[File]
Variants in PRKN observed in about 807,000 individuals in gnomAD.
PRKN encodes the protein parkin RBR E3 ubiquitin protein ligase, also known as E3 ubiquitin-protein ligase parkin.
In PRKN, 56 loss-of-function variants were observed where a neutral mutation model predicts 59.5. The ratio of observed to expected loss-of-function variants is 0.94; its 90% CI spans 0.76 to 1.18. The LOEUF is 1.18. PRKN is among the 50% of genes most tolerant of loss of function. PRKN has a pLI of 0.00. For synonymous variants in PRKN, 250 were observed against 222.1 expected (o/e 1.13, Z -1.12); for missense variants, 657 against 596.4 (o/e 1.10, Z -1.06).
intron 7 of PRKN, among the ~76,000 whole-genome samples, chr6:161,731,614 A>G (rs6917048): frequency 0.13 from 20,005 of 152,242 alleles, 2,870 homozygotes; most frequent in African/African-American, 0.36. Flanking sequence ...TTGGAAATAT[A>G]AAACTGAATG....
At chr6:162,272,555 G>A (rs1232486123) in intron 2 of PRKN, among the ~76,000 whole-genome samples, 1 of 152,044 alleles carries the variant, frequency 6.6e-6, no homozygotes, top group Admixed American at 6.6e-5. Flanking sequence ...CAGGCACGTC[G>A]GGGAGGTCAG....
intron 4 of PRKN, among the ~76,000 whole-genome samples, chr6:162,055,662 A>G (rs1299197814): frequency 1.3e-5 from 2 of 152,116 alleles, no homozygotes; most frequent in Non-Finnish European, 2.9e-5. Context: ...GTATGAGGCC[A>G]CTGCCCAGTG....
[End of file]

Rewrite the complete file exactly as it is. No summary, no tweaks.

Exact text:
Variants in PRKN observed in about 807,000 individuals in gnomAD.
PRKN encodes the protein parkin RBR E3 ubiquitin protein ligase, also known as E3 ubiquitin-protein ligase parkin.
In PRKN, 56 loss-of-function variants were observed where a neutral mutation model predicts 59.5. The ratio of observed to expected loss-of-function variants is 0.94; its 90% CI spans 0.76 to 1.18. The LOEUF is 1.18. PRKN is among the 50% of genes most tolerant of loss of function. PRKN has a pLI of 0.00. For synonymous variants in PRKN, 250 were observed against 222.1 expected (o/e 1.13, Z -1.12); for missense variants, 657 against 596.4 (o/e 1.10, Z -1.06).
intron 7 of PRKN, among the ~76,000 whole-genome samples, chr6:161,731,614 A>G (rs6917048): frequency 0.13 from 20,005 of 152,242 alleles, 2,870 homozygotes; most frequent in African/African-American, 0.36. Flanking sequence ...TTGGAAATAT[A>G]AAACTGAATG....
At chr6:162,272,555 G>A (rs1232486123) in intron 2 of PRKN, among the ~76,000 whole-genome samples, 1 of 152,044 alleles carries the variant, frequency 6.6e-6, no homozygotes, top group Admixed American at 6.6e-5. Flanking sequence ...CAGGCACGTC[G>A]GGGAGGTCAG....
intron 4 of PRKN, among the ~76,000 whole-genome samples, chr6:162,055,662 A>G (rs1299197814): frequency 1.3e-5 from 2 of 152,116 alleles, no homozygotes; most frequent in Non-Finnish European, 2.9e-5. Context: ...GTATGAGGCC[A>G]CTGCCCAGTG....